“Photography is not about the thing photographed. It is about how that thing looks photographed.” – Garry Winogrand

Garry Winogrand “street” photographer

Garry Winogrand’s interest in photography began while he was serving in the military at weather forecaster. He learned how to develop and print photographs during his painting studies at City College and Columbia University in 1947 through 1951. After school, he studied photography with Harper’s Bazaar art director Alexy Brodovitch at the New School for Social Research. He was a photojournalist working for magazines and as an advertising photographer. During the 60s he created his unusual style of “street” photography. He used a wide-angle lens on a Leica M4 35mm camera. His work made him something of a cult figure. His personal work was mainly on the street where he pictured people with an “immediacy and physicality rarely encounter in still imagery.”*

Garry Winogrand the street photographer of his generation
Garry Winogrand by Jonathan Brand

Documentarian of the “social landscape”

Winogrand’s personal work encompassed pedestrians, demonstrations and protests, rodeos, zoo animals, opening and dance. The results earned him many exhibitions notably in Edward Steichen‘s The Family of Man at the Museum of Modern Art. He also showed at George Eastman House and again at MOMA with New Documents. He is considered, along with photographers Lee Friedlander, Duane Michaels and Danny Lyons as part of a group who were social documentarians.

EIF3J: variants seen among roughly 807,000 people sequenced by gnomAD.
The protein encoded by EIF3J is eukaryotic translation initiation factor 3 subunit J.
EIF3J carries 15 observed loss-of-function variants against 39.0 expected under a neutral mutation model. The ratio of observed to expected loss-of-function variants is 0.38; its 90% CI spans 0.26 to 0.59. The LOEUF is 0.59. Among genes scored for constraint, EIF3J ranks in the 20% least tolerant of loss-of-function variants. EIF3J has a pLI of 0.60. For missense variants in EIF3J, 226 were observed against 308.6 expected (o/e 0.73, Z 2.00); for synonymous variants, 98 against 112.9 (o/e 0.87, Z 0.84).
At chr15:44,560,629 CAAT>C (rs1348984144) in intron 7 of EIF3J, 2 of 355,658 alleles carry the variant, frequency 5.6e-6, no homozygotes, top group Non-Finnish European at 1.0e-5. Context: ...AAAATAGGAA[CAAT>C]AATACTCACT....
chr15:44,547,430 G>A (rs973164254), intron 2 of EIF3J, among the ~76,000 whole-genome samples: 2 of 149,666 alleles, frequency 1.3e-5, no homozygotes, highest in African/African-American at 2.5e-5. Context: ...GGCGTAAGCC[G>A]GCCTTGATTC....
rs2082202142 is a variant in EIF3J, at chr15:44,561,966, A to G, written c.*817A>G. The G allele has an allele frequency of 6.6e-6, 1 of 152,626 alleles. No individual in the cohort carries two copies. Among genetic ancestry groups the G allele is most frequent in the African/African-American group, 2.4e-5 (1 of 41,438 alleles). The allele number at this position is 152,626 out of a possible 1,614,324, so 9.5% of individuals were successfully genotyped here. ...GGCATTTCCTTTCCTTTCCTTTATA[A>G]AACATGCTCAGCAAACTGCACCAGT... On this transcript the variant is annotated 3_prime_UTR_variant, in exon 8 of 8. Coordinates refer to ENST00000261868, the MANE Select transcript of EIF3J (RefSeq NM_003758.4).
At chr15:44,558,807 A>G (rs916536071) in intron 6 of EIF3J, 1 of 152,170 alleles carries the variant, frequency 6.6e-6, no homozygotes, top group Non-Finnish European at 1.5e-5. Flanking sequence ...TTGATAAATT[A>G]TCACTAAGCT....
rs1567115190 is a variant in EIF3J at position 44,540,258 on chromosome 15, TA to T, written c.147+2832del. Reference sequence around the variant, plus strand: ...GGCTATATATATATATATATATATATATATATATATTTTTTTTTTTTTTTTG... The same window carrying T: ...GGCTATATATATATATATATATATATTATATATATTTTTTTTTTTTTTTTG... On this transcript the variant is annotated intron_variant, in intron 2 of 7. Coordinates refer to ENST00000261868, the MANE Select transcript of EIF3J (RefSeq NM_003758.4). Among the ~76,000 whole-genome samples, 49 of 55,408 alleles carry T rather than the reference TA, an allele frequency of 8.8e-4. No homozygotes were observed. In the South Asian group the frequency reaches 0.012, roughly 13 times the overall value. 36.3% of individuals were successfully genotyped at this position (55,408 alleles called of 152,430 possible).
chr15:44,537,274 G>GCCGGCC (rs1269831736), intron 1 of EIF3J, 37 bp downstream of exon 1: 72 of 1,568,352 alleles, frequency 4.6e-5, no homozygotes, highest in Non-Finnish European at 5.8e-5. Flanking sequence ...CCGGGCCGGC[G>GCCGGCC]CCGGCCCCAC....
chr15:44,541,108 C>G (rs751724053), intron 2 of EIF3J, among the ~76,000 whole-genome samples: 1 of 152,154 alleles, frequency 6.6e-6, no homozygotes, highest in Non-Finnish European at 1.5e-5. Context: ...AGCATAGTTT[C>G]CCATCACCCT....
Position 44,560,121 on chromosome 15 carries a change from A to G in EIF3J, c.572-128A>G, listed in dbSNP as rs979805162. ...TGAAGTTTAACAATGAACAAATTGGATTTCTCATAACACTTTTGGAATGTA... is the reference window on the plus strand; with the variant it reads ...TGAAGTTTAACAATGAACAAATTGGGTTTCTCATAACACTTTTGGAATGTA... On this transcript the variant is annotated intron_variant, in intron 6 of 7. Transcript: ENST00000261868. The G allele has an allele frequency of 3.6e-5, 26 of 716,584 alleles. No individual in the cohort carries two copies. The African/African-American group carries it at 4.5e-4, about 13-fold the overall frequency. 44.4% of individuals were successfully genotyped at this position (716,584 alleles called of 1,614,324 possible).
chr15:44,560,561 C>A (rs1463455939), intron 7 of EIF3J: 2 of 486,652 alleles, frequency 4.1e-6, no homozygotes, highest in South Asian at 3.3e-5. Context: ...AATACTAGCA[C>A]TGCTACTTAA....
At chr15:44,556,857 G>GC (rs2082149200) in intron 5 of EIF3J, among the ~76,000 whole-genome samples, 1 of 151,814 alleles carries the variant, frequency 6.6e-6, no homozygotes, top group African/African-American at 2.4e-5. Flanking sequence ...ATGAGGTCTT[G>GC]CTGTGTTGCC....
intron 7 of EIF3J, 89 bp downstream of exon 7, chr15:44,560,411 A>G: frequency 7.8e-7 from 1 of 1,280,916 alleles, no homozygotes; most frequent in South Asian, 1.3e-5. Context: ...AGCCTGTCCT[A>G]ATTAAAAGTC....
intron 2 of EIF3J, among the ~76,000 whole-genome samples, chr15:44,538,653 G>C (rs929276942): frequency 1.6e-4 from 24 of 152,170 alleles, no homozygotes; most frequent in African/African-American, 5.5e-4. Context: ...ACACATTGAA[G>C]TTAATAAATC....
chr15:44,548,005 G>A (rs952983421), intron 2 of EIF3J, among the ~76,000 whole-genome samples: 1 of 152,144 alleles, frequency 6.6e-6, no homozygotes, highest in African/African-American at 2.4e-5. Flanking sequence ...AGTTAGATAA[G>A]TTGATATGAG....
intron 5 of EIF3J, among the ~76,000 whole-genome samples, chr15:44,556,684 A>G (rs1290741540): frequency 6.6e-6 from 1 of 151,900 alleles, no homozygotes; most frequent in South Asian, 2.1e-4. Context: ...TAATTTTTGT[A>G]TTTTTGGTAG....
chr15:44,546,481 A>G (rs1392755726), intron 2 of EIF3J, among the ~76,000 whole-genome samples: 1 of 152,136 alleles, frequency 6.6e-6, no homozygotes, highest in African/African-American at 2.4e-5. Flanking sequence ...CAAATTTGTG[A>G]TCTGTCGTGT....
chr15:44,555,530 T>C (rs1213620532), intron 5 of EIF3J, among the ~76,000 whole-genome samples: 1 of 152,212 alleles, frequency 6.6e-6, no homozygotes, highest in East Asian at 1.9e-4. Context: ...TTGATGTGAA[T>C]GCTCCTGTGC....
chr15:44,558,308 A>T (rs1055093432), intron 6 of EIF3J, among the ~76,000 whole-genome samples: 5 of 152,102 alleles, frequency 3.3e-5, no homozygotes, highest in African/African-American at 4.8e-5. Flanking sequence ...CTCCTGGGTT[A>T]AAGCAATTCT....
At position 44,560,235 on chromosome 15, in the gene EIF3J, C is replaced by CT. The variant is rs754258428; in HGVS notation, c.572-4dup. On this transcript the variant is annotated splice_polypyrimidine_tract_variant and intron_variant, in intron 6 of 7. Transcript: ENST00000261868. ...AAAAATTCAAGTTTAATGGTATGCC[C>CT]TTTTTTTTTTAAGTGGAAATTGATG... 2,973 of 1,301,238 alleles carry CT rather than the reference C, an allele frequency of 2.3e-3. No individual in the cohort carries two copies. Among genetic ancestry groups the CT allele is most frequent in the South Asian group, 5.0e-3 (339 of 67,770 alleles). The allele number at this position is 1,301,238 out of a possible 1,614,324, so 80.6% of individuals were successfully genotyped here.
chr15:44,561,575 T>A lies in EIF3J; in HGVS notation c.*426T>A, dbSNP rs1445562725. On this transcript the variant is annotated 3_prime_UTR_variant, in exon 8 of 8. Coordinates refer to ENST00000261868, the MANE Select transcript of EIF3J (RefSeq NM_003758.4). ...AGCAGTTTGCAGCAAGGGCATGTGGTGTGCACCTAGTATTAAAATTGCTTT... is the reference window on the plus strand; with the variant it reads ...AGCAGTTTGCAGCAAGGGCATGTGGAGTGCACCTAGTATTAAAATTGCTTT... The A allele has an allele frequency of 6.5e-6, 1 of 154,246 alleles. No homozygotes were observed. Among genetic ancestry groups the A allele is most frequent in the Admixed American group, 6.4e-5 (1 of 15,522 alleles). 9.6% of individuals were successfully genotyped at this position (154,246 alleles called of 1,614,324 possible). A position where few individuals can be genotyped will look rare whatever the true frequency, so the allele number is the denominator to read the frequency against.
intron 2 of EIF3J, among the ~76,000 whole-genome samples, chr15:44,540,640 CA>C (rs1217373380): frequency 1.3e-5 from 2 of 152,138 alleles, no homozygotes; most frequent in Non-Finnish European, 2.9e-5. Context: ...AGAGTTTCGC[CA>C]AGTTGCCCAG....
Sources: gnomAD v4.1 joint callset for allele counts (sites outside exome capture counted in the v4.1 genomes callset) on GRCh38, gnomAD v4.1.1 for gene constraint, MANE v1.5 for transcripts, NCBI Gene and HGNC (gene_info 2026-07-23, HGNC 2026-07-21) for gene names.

Three Guggenheim fellowships

Winogrand was awarded the fellowships to make “photographic studies of American life” and to consider “the effect of media on events.” Winogrand’s photographs are crammed with his fascination with public behavior — there is a lot going on in the photos. He did not go for the “decisive moment” of Henri Cartier-Bresson. His work shows many interpretations and viewpoints to the point that they might bc considered snapshots. According to the Times’ obituary “…but they contain an almost subliminal order beneath their surface toat testifies to the visual intelligence of their maker.”

MoMA’s director of photography, John Szarkowski, called Gary Winogrand “the central photographer of his generation.”

In his own words

These quotes from Garry Winogrand sum up how he saw and rendered his world photographically. He explains that “Every photograph is a battle of form versus content.” His comments on storytelling — “Photos have no narrative content. They only describe light on surface” and “There is no special way a photograph should look.” He continues saying, “A photograph can look any way.”

On his photographic process, he noted, “You see something happening and you bang away at it. Either you get what you saw or you get something else – and whichever is better you print.” He expands on this by describing what he sees while looking through a camera — “If I saw something in my viewfinder that looked familiar to me, I would do something to shake it up.”


Garry Winogrand published four books: “The Animals” (1969) “Women are Beautiful” (1975) “Public Relations” (1977) and “Stock Photographs” (1980).

Capturing reality

“For me the true business of photography is to capture a bit of reality (whatever that is) on film… if, later, the reality means something to someone else, so much the better.”


Read more mini-biographies of influential photographers on Photofocus.

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